Article 3 is a cornerstone of the Declaration because it proclaims the right to life, liberty, and security of person, which are essential rights needed for the enjoyment of all other rights. Article 3 also introduces Articles 4-21, which cover other political and civil rights, such as freedom from arbitrary arrest, freedom from torture, cruel, inhuman or degrading treatment or punishment, and freedom of opinion and expression, all of which have been broken at some point in Nepal's conflict.
Nepal's participation in almost all aspects of the Declaration of Human Rights would lead one to believe that the country is committed to preventing and punishing actions that threaten the rights of the citizens. Yet, both the Maoist rebels and government forces (and the Royal Party itself) have participated in a variety of activities such as arbitrary arrests, "disappearances", intimidation of the press, and judicidial interference, all of which are not compliant with the standards set forth by the Declaration.Nepal's Conflict and the Declaration of Human Rights
Human rights abuses have been documented since the beginning of the conflict, yet with the King's seizure of power and his subsequent declaration of a state of emergency, a human rights catastrophe could be looming because of the heightened militarization and lack of democratic institutions. During this time, it is essential for the international community to monitor and work with Nepal so that the Declaration is upheld as thoroughly as possible. While the takeover of the government and the state of emergency have helped attract international attention, it is the daily violence and terror on ordinary communities that should be the most serious human rights concern. The conflict had already eroded the security and human rights of the rural population and now the actions of the King have undermined the freedom of the urban population, who were often untouched by the violent abuses taking place in the countryside. Under the state of emergency, a large number of fundamental rights, all of which are protected by the Universal Declaration of Human Rights, have been suspended.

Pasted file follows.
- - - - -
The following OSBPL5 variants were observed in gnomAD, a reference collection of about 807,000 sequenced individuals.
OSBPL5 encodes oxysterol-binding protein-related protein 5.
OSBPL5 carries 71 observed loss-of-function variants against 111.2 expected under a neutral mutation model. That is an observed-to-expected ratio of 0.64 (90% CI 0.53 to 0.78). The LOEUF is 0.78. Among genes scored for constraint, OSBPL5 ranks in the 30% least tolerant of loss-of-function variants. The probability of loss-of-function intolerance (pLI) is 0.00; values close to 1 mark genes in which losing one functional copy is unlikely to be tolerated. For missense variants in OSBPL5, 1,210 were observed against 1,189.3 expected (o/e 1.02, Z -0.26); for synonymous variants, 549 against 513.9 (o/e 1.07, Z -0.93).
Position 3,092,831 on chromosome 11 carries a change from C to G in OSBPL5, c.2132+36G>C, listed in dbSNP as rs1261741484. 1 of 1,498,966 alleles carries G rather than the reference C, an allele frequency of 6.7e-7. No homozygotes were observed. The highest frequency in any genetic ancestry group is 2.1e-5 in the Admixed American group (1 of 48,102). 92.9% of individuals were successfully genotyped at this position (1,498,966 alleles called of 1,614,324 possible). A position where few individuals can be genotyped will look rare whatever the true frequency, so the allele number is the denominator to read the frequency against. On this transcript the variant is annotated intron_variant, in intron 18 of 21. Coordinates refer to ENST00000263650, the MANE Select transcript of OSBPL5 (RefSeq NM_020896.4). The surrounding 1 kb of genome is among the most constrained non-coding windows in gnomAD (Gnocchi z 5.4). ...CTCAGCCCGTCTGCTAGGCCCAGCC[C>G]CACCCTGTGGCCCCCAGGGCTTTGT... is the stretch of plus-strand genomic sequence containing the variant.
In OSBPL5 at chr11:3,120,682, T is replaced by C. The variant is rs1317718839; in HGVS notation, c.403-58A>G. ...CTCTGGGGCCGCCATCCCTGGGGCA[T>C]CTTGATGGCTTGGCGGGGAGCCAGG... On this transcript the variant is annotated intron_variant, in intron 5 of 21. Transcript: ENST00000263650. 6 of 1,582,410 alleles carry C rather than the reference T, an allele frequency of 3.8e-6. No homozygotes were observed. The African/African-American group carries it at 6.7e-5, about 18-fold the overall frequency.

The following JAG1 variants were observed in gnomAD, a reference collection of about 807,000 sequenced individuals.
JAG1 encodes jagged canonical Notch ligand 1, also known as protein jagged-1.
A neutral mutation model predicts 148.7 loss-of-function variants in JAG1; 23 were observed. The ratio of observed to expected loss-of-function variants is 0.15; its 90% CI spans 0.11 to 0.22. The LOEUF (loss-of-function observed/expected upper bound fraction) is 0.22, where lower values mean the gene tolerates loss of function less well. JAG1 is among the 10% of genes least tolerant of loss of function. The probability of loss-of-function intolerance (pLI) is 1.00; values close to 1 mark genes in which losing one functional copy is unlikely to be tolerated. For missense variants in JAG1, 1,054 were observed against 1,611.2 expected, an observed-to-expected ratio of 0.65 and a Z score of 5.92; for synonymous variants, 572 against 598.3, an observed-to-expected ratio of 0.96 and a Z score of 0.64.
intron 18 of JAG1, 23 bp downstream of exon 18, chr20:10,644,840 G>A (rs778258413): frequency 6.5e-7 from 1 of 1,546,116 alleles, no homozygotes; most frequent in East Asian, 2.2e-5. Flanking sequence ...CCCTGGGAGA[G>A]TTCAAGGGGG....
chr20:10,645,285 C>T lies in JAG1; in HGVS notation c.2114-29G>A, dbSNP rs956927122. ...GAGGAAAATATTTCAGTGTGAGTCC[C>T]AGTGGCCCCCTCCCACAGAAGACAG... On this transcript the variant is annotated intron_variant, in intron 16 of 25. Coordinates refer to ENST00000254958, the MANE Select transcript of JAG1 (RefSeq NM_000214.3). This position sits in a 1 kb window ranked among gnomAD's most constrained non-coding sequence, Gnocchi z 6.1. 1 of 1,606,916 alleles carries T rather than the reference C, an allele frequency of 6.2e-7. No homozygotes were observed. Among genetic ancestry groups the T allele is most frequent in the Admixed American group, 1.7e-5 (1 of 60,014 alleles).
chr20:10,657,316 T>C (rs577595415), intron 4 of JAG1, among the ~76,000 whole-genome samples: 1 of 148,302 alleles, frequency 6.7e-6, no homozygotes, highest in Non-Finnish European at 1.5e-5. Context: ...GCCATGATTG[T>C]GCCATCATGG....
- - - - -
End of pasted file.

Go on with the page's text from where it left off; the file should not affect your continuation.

-Freedom of expression and opinion
-Freedom of assembly
-Freedom to form unions and associations
-Press and Publication rights
-Right against preventative detention
-Right to information
-Right to privacy
-Right to constitutional remedy
The state of emergency is further eroding any institutional safeguards that had once protected against human rights abuses, which means that the Articles outlined in the Universal Declaration are not being upheld. The judiciary have been reluctant to take a definitive stance to uphold human rights because they too have been threatened with violence and reparations by both sides. The other institution whose role it is to protect human rights is the National Human Rights Commission (NHRC), a group created to carry out investigations and report on human rights actitivities. Since the state of emergency, the NHBC's ability to effectively monitor human rights abuses has been limited by obstruction by security forces and the restrictions on freedom of expression.